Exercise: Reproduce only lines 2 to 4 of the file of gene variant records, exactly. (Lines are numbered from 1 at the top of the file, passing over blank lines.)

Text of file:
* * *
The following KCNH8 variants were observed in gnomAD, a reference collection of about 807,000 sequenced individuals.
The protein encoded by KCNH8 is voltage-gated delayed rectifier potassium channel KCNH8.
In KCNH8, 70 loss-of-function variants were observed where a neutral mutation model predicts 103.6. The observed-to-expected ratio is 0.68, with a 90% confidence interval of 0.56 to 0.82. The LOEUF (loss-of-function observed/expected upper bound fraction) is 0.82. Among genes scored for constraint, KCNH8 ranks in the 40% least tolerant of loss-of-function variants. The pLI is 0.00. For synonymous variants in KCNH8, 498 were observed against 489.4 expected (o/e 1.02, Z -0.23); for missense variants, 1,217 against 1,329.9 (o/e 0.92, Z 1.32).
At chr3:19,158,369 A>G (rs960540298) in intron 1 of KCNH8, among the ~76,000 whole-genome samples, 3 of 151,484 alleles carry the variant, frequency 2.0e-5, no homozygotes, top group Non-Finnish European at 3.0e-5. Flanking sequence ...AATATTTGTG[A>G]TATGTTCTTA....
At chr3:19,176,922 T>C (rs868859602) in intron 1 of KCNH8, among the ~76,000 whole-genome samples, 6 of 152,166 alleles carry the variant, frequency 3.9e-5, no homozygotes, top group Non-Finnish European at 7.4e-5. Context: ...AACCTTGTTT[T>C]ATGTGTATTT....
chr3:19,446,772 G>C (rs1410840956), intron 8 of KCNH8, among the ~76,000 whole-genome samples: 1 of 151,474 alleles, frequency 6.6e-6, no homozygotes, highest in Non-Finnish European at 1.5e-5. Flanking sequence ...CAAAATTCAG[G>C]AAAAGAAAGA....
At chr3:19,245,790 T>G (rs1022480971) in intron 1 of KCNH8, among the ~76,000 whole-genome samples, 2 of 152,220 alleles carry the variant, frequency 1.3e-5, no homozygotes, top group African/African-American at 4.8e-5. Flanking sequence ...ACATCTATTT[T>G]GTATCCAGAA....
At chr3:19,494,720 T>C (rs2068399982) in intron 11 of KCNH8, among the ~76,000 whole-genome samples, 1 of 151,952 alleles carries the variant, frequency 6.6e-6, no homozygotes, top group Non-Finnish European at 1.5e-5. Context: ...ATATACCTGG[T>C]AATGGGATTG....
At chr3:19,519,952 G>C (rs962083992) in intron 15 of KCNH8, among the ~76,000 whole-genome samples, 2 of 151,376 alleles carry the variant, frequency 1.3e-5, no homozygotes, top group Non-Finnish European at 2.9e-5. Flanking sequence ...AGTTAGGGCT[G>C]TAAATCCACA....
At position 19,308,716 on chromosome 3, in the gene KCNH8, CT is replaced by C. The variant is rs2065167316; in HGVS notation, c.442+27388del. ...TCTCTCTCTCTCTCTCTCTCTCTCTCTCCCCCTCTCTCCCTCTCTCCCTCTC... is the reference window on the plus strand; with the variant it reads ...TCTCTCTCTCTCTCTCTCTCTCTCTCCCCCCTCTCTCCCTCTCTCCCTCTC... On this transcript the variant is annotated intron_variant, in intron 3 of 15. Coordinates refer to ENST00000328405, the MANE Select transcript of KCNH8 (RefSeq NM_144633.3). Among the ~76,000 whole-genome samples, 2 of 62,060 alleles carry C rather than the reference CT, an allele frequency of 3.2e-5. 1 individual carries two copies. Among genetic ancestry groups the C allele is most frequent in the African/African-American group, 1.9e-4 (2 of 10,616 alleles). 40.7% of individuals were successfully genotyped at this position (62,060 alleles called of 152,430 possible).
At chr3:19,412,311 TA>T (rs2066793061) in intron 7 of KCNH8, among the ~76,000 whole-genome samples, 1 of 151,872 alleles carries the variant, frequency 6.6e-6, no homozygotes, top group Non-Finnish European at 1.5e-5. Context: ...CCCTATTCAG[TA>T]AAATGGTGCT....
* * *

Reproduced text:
The protein encoded by KCNH8 is voltage-gated delayed rectifier potassium channel KCNH8.
In KCNH8, 70 loss-of-function variants were observed where a neutral mutation model predicts 103.6. The observed-to-expected ratio is 0.68, with a 90% confidence interval of 0.56 to 0.82. The LOEUF (loss-of-function observed/expected upper bound fraction) is 0.82. Among genes scored for constraint, KCNH8 ranks in the 40% least tolerant of loss-of-function variants. The pLI is 0.00. For synonymous variants in KCNH8, 498 were observed against 489.4 expected (o/e 1.02, Z -0.23); for missense variants, 1,217 against 1,329.9 (o/e 0.92, Z 1.32).
At chr3:19,158,369 A>G (rs960540298) in intron 1 of KCNH8, among the ~76,000 whole-genome samples, 3 of 151,484 alleles carry the variant, frequency 2.0e-5, no homozygotes, top group Non-Finnish European at 3.0e-5. Flanking sequence ...AATATTTGTG[A>G]TATGTTCTTA....